Athletes and the people who coach them may be unfamiliar with stoicism, but they are stoics. They endure pain or hardship without feeling or complaint. They control what they can control. They talk ad nauseam about controlling only what they can control. They’re on to Cincinnati. They stay in the moment, and take things one game at a time. And by doing that, they are voicing a philosophy—living a philosophy, training under a philosophy—without knowing of or understanding it. ... “Stoicism as a philosophy is really about the mental game,” Holiday said. “It’s not a set of ethics or principles. It’s a collection of spiritual exercises designed to help people through the difficulty of life. To focus on managing emotion; specifically, non-helpful emotion.” ... this was the exact kind of stuff they were exploring—not how to hit better, or pitch better, but how to sleep better and travel better and recover better and think better. That made the connection between the book and the sports world clearer. ... “Stoicism is the distinction between what you can control and what you can’t,” Holiday said.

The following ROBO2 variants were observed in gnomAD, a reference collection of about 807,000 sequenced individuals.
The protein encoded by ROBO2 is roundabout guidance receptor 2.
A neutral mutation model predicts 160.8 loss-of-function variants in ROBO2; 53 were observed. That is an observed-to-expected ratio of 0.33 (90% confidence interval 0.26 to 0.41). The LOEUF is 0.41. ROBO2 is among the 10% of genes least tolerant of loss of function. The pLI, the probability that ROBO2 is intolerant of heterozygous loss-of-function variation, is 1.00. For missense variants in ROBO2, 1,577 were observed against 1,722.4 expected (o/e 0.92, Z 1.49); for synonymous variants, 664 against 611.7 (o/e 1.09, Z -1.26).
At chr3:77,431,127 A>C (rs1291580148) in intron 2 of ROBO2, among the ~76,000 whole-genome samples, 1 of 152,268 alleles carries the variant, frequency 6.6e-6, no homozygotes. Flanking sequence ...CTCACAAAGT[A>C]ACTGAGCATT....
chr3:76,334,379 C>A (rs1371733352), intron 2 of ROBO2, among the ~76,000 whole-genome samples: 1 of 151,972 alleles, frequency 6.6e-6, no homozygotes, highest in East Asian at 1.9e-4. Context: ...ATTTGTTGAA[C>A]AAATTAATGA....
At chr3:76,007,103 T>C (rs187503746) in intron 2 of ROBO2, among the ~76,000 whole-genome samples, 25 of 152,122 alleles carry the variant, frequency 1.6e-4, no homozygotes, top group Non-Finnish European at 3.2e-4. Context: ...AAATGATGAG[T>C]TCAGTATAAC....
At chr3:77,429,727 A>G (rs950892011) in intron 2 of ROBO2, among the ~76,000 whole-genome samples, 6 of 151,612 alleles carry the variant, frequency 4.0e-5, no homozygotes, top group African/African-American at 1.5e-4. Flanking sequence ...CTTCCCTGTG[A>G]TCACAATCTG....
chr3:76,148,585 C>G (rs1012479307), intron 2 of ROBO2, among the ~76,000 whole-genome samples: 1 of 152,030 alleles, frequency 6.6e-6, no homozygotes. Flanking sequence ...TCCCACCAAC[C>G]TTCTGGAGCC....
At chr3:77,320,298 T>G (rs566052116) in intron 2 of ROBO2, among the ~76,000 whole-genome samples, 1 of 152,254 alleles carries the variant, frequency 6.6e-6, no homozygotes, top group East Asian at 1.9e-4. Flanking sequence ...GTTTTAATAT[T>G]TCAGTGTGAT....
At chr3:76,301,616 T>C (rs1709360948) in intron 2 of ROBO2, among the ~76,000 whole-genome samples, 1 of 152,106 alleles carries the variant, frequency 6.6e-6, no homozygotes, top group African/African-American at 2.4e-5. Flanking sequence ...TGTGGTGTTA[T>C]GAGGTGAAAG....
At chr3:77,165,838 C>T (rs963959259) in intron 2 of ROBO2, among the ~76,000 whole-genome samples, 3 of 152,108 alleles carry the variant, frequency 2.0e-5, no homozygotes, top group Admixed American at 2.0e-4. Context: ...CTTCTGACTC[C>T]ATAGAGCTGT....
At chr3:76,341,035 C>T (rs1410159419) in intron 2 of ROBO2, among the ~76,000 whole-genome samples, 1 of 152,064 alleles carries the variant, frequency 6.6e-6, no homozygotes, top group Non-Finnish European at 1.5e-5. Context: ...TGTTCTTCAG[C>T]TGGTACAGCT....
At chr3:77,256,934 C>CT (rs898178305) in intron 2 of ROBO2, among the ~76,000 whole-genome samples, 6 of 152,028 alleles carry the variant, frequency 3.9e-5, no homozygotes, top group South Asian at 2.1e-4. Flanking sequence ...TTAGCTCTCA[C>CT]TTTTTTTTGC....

Way back in A.D. 6, during the expansion of the Roman Empire along the Danube and into present-day Germany, the future emperor Tiberius reached this spot and established a winter encampment. Carnuntum, as the camp would be called, flourished under the protection of the legions and became a center of the amber trade. The army and townspeople lived apart, but in symbiotic amity. ... During its second-century prime, Carnuntum was a key Roman capital of a province that spanned the landmass of what is now Austria and much of the Balkans. The frontier town boasted a burgeoning population and a gladiator school whose size and scale was said to rival the Ludus Magnus, the great training center immediately to the east of the Colosseum in Rome. Toward the end of the glory days of the Roman realm, the emperor Marcus Aurelius held sway from Carnuntum and made war on Germanic tribes known as the Marcomanni. There, too, his 11-year-old son, Commodus, likely first witnessed the gladiatorial contests that would become his ruling passion. ... Though archaeologists have been digging and theorizing at the 1,600-acre site on and off since the 1850s, only remnants survive—a bath complex, a palace, a temple of Diana, the foundations of two amphitheaters (one capable of holding 13,000 spectators) and a monumental arch known as the Heidentor (Heathens’ Gate) that looms in battered splendor at the edge of town.